Among the tissue inhibitors of MMPs evaluated in this review (i.e., TIMP-1 and TIMP-2), only TIMP-2 showed some evidence of a negative association with atherosclerosis as Pawlak et al. reported a negative association after adjusting for confounders between TIMP-2 and cIMT [39], although in a more recent study by the same group this finding was not repeated [40].

3.3. Quality Assessment

The quality assessment of the included studies was performed according to the Newcastle-Ottawa scale and the results are presented in Table 2. Overall, the included studies were characterized by good methodology and this offers some reassurance that the results presented have not been substantially influenced by bias. However, due to the substantial variability in the methodology and equipment used for the evaluation of atherosclerosis outcome, an additional table was constructed with particular emphasis on the modalities and the measurement and reporting methods used by each study (Table 3). In concordance with the Mannheim Consensus [34], most studies assessed atherosclerosis in longitudinal view on the far wall and common carotid artery (CCA) was the most commonly used anatomical site followed by carotid bulb (CB) and the internal carotid artery (ICA). However, few studies reported whether measurements were obtained at the end of diastole or whether measurement was obtained in a blinded fashion.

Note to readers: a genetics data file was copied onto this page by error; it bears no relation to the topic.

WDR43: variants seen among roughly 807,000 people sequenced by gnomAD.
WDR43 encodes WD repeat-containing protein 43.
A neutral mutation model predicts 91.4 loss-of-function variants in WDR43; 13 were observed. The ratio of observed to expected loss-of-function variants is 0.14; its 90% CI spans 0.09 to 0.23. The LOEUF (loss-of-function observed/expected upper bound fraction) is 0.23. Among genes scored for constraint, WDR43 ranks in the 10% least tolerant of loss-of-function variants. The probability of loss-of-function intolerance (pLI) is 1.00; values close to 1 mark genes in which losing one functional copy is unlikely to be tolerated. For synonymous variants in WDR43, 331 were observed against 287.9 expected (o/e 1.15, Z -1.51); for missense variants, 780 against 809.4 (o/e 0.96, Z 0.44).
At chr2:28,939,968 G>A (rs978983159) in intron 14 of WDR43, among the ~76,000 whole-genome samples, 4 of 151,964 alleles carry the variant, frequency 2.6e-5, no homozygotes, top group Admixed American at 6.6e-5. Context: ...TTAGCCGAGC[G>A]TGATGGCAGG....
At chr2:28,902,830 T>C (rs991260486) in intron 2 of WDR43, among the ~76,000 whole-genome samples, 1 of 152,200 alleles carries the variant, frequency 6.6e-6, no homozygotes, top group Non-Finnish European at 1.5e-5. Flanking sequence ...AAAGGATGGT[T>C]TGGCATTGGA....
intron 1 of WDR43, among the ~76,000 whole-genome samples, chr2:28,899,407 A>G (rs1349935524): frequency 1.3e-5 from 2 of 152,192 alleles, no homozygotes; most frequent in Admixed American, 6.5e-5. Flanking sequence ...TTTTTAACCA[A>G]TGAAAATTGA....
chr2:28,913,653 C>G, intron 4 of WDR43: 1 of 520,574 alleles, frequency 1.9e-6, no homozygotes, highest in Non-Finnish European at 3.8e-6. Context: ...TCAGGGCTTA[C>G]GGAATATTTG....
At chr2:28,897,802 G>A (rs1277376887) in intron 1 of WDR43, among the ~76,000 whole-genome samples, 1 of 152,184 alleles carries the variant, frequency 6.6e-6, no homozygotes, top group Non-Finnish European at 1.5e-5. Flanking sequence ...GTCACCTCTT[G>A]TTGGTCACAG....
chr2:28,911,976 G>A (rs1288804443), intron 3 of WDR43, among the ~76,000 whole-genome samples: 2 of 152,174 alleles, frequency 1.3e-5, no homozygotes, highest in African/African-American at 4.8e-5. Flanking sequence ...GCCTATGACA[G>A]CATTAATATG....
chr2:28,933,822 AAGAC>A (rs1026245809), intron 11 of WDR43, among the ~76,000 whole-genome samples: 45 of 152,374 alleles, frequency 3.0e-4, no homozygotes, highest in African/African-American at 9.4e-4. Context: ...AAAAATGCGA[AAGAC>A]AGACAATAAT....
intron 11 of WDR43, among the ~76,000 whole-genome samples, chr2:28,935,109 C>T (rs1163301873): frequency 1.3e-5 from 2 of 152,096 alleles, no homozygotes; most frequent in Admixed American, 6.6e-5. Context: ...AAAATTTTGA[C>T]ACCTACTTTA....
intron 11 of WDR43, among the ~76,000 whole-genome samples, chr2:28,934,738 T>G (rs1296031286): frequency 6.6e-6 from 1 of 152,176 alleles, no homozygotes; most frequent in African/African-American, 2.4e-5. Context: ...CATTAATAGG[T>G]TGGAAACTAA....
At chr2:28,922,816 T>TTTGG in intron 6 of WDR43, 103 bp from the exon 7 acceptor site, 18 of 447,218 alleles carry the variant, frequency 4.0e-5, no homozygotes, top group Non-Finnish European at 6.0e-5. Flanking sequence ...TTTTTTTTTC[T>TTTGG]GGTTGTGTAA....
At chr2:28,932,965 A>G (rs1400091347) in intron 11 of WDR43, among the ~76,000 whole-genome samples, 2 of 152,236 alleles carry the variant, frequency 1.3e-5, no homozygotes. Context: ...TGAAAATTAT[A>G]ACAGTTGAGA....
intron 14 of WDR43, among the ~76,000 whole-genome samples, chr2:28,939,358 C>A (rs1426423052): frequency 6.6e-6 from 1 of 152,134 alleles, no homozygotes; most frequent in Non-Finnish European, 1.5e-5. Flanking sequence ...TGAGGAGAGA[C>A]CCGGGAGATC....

Table 2: Quality assessment of the included studies (Newcastle-Ottawa scale).
Table 3: Subclinical atherosclerosis assessment of the included studies based on the Manheim Consensus.

4. Discussion

This systematic review evaluated the published evidence on the association between circulating levels of MMPs and subclinical atherosclerosis in CKD patients. We identified only nine observational studies that adequately addressed this relationship. Furthermore, the vast majority of studies were also characterized by a small sample size as most of them included less than 100 CKD patients. cIMT was the main measure of subclinical atherosclerosis reported and MMP-2 and TIMP-1 were the most commonly assessed metalloproteinases.